Tomato Soup with Puff Pastry
One of my favorite joys of traveling are the food memories created while visiting a special get-away location. For us, it's all about the food in a beautiful new setting. We plan out where we will eat, which restaurants to dine at, much like others plan which site-seeing spots they'll visit. Fortunately, we are both food-obsessed. Oh yeah, we fit in some hiking, walking, and visit scenic non-food sites too. We need to have something to do before the next meal!
I used to challenge myself to try to create a dish from my "taste memory". But I have since learned that sometimes all you have to do is ask the chef for the recipe. Often times, you can find the recipe on-line with a quick internet search. So many restaurants and chefs have their own cookbooks now, it is much easier to find the actual recipe, that I no longer need to rely on trial and error. The results being much more successful now. And it is so much fun to relive the experience of traveling through your taste buds.
Today's recipe is from a French restaurant in Yountville, California, Bistro Jeanty. Chef Philippe Jeanty, born in the Champagne region of France, has owned and operated his restaurant in Napa Valley since 1998. I highly recommend dining at Bistro Jeanty if you can make it out to California. Chef Jeanty has the most amazing tomato soup with an equally stunning presentation. He serves the soup in an oven-proof bowl, with puff pastry baked on the top exterior of the bowl, puffed up like a dome. It is not only beautiful, it is incredibly delicious.
Now I didn't say the soup was low-calorie or healthy. This is French cooking. It has more butter and cream than you would ever imagine being included in tomato soup. But it is delicious. I have provided the original Bistro Jeanty recipe (full butter & cream amounts listed), but I have also noted my substitutions for reductions in the amounts of butter and cream.
Bistro Jeanty Tomato Soup
Creme de Tomate en Croute
2 1/2 pounds tomatoes - ripe, cored & quartered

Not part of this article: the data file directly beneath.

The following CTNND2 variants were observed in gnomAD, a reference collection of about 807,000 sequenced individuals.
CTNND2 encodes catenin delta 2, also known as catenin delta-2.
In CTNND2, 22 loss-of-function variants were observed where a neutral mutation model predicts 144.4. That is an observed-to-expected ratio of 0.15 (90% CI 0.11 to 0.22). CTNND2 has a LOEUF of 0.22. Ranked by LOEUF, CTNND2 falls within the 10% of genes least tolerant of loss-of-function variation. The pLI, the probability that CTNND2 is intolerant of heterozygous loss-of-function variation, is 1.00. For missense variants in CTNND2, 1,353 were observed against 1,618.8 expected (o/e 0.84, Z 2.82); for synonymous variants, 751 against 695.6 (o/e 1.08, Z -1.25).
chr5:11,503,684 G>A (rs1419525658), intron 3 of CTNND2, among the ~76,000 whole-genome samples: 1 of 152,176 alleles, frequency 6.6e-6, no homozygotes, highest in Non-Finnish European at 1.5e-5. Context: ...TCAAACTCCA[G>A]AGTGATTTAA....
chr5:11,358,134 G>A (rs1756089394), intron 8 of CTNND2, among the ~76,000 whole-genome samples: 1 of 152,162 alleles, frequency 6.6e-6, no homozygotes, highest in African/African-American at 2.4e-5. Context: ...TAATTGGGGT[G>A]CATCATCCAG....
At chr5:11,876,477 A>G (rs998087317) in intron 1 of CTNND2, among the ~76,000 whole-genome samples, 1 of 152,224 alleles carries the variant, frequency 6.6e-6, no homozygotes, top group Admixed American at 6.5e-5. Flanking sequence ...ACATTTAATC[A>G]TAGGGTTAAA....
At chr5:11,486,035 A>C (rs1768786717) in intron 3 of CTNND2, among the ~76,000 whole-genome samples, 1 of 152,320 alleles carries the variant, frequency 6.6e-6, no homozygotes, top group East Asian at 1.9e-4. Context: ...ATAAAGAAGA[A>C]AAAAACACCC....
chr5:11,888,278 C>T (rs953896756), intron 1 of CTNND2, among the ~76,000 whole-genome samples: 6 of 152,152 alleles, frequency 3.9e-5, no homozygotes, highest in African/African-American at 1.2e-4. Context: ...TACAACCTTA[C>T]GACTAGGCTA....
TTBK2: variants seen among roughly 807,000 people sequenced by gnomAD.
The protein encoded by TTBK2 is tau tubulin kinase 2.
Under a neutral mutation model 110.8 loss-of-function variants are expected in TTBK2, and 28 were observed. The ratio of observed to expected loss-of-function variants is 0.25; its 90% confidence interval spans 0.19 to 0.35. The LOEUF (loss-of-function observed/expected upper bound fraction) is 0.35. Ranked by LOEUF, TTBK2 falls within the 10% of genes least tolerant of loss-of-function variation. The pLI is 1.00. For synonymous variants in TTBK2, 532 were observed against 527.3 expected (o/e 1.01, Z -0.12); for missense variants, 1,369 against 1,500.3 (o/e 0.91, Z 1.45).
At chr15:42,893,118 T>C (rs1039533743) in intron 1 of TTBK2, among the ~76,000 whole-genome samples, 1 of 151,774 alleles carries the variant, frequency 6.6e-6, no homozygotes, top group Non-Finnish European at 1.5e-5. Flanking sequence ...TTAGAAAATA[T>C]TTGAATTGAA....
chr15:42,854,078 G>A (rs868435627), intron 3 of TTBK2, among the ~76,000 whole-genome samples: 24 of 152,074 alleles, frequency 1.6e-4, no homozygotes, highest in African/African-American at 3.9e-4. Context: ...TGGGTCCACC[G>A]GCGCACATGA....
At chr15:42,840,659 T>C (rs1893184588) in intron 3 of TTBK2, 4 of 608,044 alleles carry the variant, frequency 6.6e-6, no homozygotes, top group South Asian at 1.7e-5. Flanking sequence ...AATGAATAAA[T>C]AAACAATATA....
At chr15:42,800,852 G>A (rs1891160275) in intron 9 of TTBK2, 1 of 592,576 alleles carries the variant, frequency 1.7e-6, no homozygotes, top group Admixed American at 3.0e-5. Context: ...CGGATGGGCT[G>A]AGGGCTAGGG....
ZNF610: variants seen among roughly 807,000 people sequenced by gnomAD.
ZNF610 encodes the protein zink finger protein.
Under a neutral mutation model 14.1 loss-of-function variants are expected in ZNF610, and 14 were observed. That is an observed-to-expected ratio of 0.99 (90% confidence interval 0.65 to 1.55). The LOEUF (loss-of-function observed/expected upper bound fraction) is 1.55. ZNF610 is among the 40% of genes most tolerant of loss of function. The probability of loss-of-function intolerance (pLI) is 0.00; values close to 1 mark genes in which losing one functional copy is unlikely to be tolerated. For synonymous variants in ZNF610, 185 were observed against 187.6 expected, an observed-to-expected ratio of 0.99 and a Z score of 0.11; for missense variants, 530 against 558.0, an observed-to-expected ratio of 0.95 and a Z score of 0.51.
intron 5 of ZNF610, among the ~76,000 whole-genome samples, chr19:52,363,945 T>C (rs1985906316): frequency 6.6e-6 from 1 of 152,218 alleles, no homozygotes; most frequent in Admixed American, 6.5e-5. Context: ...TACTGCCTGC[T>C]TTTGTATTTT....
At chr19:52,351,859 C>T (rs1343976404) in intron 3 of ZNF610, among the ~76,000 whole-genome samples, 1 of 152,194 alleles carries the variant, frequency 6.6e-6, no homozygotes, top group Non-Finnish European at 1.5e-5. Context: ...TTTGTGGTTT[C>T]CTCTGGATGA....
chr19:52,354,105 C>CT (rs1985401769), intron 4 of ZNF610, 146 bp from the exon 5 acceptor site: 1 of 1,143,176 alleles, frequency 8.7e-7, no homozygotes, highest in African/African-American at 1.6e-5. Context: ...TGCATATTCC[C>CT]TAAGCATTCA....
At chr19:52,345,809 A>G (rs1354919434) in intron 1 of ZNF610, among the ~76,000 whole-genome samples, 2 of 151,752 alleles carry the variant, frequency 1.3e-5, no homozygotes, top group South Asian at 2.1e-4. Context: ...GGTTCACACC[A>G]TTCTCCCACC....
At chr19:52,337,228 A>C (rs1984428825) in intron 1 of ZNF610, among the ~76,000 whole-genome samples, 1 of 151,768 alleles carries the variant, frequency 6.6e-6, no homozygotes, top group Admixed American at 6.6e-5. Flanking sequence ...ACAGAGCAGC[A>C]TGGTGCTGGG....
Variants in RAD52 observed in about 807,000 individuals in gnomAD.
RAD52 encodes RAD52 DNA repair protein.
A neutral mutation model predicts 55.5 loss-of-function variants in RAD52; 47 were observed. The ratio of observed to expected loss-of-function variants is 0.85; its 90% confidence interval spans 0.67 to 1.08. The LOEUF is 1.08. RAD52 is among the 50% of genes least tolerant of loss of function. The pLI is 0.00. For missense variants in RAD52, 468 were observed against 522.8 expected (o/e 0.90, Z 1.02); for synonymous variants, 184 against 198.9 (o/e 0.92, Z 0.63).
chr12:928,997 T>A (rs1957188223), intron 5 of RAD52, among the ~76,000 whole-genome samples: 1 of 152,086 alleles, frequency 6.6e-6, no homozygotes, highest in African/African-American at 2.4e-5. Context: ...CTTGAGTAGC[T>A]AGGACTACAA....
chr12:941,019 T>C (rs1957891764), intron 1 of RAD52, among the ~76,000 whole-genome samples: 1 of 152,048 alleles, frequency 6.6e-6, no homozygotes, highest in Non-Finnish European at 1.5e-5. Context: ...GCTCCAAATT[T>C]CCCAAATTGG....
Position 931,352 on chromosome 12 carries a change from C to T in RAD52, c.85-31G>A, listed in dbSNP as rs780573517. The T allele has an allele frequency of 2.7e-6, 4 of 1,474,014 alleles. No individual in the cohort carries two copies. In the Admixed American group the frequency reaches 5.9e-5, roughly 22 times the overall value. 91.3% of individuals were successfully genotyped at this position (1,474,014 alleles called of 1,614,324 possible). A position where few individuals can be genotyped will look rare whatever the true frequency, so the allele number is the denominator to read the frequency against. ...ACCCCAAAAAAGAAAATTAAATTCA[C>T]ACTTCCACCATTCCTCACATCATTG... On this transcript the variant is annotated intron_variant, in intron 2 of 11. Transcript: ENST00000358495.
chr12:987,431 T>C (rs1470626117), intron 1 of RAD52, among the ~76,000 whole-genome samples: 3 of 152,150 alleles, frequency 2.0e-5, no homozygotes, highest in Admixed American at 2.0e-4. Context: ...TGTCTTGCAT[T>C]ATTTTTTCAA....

1/2 cup unsalted butter (my reduction: use only 4 tablespoons)
1/2 pound yellow onion, sliced
6 garlic cloves
1/4 cup tomato paste
1 bay leaf
1/2 tablespoon whole black peppercorns
1 teaspoon dried thyme
1 cup water - use only if tomatoes are not ripe & juicy
4 cups heavy cream (my reduction: use only 1/2 cup cream)
2 tablespoons unsalted butter (my reduction, optional)
Salt to taste
1/2 teaspoon white pepper
1 pound puff pastry
1 egg - beaten with 1 tablespoon water
Melt the 1/2 cup butter in a large stockpot over medium-low heat. Add the onions, cover and cook for about 5 minutes. Do not let the onion color. Add the tomatoes, garlic, tomato paste, bay leaf, peppercorns, thyme and water if needed. Simmer over low heat for 30-40 minutes, until the tomatoes and onions are very soft. Remove the bay leaf. Puree in a blender (working in batches) or use a hand-held immersion blender; strain*. Return the soup to the pot. Add the cream, salt, white pepper and the remaining 2 tablespoons of butter. Bring soup back to a boil.
Let the soup cool for 2 hours or overnight in the refrigerator. Divide the soup among six 8-ounce bowls (oven-proof). Roll out the puff pastry to 1/4 inch. Cut 6 rounds slightly larger than the bowls. Paint the dough with the egg wash and turn the circles egg-wash side down over the tops of the bowls, pulling lightly on the sides to make the dough tight like a drum.
Lightly paint the top of the dough rounds with egg wash without pushing the dough down. Bake in a pre-heated oven at 450 degrees for 10-15 minutes, until the dough is golden brown. Do not open the oven door in the first few minutes or the dough will fall. Remove from oven and serve immediately.
You can make the soup without the puff pastry for a less eventful dinner, as it is quite delicious without. Or you can bake the puff pastry, cut into squares, on a sheet tray and then place on top of the soup as a large crouton. This is also great with fresh baked cheddar scones. See my recipe from another post, click here Cheddar Scones
*Note: straining the soup results in a very refined, silky texture. I do not strain mine for a more rustic version.
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